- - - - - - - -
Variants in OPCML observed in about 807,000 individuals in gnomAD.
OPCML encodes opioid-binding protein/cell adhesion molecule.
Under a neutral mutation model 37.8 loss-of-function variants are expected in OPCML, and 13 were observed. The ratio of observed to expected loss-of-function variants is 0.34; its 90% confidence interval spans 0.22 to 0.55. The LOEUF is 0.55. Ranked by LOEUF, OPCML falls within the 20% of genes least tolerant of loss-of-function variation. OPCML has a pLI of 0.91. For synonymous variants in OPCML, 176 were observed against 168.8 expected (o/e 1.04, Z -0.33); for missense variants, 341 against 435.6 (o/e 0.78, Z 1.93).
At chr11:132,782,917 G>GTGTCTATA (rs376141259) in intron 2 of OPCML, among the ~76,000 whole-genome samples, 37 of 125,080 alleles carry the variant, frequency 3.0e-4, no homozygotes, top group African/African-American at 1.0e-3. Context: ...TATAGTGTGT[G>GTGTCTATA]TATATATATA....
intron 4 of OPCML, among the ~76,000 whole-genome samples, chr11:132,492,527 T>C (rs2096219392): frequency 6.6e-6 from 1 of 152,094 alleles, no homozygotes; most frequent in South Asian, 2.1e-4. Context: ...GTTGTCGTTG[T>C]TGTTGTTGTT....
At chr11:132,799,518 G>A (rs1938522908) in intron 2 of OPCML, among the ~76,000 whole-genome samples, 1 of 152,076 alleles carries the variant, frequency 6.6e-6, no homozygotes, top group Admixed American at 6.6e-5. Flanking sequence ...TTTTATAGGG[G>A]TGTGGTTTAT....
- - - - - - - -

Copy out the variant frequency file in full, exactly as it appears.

Variants in OPCML observed in about 807,000 individuals in gnomAD.
OPCML encodes opioid-binding protein/cell adhesion molecule.
Under a neutral mutation model 37.8 loss-of-function variants are expected in OPCML, and 13 were observed. The ratio of observed to expected loss-of-function variants is 0.34; its 90% confidence interval spans 0.22 to 0.55. The LOEUF is 0.55. Ranked by LOEUF, OPCML falls within the 20% of genes least tolerant of loss-of-function variation. OPCML has a pLI of 0.91. For synonymous variants in OPCML, 176 were observed against 168.8 expected (o/e 1.04, Z -0.33); for missense variants, 341 against 435.6 (o/e 0.78, Z 1.93).
At chr11:132,782,917 G>GTGTCTATA (rs376141259) in intron 2 of OPCML, among the ~76,000 whole-genome samples, 37 of 125,080 alleles carry the variant, frequency 3.0e-4, no homozygotes, top group African/African-American at 1.0e-3. Context: ...TATAGTGTGT[G>GTGTCTATA]TATATATATA....
intron 4 of OPCML, among the ~76,000 whole-genome samples, chr11:132,492,527 T>C (rs2096219392): frequency 6.6e-6 from 1 of 152,094 alleles, no homozygotes; most frequent in South Asian, 2.1e-4. Context: ...GTTGTCGTTG[T>C]TGTTGTTGTT....
At chr11:132,799,518 G>A (rs1938522908) in intron 2 of OPCML, among the ~76,000 whole-genome samples, 1 of 152,076 alleles carries the variant, frequency 6.6e-6, no homozygotes, top group Admixed American at 6.6e-5. Flanking sequence ...TTTTATAGGG[G>A]TGTGGTTTAT....